Buzzword: Clickbait

What is clickbait? It’s a term used to describe sensationalist headlines used specifically for generating traffic. The “bait” part of this Internet portmanteau comes from “bait and switch”: you are promised one thing but given something else after you’ve paid. While on the surface it may seem harmless, the reason clickbait exists is to generate traffic and revenue. More traffic means more ads may be loaded, which in turn generates money for the host site. You might’ve seen something like this all over Facebook:

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Rather than a simple explanation of what the video is about in the title, it instead uses a hyperbolic statement. Most of these videos are uploaded to Youtube, but take a look at the URL; rather than a direct link, the host site, Distractify, embeds the video link so that it can use its own titling scheme. The actual name of the video is “Natural Pools – Natural Pool selfbuild”. So why do this? Why jump through so many hoops just to get you to visit their site to load ads most people will probably never see or click on? Think back to my earlier post on our insidious little friend, the tracking cookie. Each time your computer loads an ad or website, tracking cookies are used to gather information about you and your activity; this data can include geographical locations, other sites you’ve visited, your email address, and if you choose to log in via your social networks, ANY AND ALL DATA YOU’VE CHOSEN TO LIST AS PUBLIC ON YOUR PROFILES.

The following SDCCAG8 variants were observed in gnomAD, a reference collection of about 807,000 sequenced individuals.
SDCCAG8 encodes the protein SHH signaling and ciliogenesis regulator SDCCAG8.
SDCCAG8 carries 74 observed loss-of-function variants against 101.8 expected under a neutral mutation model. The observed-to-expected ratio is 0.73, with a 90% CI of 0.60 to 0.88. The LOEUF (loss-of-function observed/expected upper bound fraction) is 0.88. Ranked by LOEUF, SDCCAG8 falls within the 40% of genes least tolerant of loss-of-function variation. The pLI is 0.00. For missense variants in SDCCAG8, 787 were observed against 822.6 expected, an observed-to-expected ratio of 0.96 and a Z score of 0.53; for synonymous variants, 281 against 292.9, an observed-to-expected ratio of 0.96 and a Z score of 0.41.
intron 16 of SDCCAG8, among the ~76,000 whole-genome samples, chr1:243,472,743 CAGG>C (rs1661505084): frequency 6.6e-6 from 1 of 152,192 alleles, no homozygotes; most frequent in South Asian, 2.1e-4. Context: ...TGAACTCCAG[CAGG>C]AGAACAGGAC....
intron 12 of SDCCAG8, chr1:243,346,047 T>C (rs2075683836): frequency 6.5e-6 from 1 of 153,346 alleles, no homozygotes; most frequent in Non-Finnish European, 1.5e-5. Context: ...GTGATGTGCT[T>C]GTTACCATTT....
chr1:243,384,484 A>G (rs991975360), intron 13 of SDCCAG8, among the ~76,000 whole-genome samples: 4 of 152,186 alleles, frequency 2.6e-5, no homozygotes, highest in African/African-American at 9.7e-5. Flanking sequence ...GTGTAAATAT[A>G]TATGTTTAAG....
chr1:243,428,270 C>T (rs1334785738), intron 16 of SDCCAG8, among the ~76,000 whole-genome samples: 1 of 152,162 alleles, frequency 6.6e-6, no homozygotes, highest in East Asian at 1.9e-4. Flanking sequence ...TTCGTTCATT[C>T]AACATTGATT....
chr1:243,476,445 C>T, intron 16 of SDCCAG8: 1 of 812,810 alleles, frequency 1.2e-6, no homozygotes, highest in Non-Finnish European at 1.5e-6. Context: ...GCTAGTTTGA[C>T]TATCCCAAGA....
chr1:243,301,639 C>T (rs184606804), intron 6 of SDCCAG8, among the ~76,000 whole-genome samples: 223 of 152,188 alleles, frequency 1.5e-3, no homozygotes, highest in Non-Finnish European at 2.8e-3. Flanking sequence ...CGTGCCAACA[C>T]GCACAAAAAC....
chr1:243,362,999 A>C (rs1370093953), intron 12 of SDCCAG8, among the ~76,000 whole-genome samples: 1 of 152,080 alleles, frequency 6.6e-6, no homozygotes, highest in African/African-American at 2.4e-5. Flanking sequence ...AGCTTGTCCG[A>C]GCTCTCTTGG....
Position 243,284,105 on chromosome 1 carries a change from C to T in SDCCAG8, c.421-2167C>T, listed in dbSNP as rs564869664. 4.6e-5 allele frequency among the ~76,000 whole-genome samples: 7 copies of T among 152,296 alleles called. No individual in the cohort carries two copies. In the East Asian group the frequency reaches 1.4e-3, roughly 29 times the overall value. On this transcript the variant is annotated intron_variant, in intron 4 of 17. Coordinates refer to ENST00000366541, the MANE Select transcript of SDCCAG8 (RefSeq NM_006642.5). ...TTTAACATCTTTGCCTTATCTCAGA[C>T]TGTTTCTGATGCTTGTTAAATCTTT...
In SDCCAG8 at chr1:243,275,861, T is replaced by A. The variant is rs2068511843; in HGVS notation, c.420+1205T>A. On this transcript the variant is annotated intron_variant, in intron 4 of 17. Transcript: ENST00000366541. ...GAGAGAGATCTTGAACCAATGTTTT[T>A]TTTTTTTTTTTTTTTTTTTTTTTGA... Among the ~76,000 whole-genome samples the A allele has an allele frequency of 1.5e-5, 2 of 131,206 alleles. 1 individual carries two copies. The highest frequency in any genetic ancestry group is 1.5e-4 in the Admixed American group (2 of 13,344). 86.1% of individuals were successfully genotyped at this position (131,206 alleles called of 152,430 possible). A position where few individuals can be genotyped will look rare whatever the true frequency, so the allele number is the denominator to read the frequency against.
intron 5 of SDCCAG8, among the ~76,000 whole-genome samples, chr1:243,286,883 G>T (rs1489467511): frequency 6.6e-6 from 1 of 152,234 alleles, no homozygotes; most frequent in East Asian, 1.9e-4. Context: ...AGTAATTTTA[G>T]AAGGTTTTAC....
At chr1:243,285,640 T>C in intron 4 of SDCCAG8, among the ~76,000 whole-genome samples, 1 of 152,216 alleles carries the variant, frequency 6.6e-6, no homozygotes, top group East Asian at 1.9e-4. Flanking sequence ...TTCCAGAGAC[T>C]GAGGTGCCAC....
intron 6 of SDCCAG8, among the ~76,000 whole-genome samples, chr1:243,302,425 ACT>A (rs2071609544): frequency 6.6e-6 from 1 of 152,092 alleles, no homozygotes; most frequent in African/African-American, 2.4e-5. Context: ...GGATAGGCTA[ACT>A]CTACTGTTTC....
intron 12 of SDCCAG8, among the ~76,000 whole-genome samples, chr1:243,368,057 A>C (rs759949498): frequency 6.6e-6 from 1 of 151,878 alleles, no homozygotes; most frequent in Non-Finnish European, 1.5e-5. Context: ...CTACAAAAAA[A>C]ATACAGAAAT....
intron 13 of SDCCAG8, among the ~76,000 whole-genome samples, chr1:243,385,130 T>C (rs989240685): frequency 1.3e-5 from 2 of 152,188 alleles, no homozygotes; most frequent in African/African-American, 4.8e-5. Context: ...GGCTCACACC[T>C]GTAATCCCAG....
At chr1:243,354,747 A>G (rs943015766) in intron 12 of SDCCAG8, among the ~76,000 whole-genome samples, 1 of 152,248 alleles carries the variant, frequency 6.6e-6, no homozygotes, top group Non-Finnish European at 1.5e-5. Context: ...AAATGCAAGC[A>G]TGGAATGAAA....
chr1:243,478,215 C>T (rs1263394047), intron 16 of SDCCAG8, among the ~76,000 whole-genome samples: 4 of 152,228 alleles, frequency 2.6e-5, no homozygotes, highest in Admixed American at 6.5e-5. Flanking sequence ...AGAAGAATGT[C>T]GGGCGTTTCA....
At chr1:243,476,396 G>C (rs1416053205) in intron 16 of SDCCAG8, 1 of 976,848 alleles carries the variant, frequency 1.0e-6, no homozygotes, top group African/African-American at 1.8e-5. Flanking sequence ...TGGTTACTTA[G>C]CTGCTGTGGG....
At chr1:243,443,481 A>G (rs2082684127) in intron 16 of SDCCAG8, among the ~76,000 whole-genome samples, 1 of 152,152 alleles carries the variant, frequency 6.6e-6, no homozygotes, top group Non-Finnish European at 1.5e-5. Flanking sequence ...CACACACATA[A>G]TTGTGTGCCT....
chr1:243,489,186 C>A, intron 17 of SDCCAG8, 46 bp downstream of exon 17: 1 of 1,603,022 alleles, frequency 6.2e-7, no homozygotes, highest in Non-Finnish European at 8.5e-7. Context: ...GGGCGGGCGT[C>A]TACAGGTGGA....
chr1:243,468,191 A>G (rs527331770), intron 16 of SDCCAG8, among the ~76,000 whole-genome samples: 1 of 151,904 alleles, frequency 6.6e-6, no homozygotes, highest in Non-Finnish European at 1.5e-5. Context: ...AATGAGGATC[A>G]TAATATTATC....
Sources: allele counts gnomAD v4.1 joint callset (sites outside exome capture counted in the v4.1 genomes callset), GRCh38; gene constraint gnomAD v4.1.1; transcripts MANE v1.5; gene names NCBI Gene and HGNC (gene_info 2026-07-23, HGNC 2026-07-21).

So how many tracking cookies can you expect to see from your average site? Usually 1-3, which is the case with popular social sites like Reddit and Youtube. How many are on clickbait sites like Distractify? According to a handy add-on called Ghostery, there are 12 tracking cookies on that page alone. TWELVE!

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Three of them are overtly advertising, four are social widgets, and the remaining five are analytics trackers – cookies used to study your behavior online. They will gather information that affects what ads are shown to you, what videos are suggested to you at a later date, the types of emails you receive, all with the main purpose of manipulating your behavior. If you think Facebook’s recent psychological “study” was offensive and wrong, trackers and advertisers have been doing it for years, and right under our noses! Here are some browser add-ons that will make your life a lot simpler. If you have any to add, please share:

Adblock Plus: Prevents ads and trackers from loading when you visit a website. Also blocks ads on Youtube so you can enjoy the video without being interrupted. Note: these are indiscriminate, so if you want to support your favorite broadcaster, you’ll have to manually turn it off for them to get ad revenues.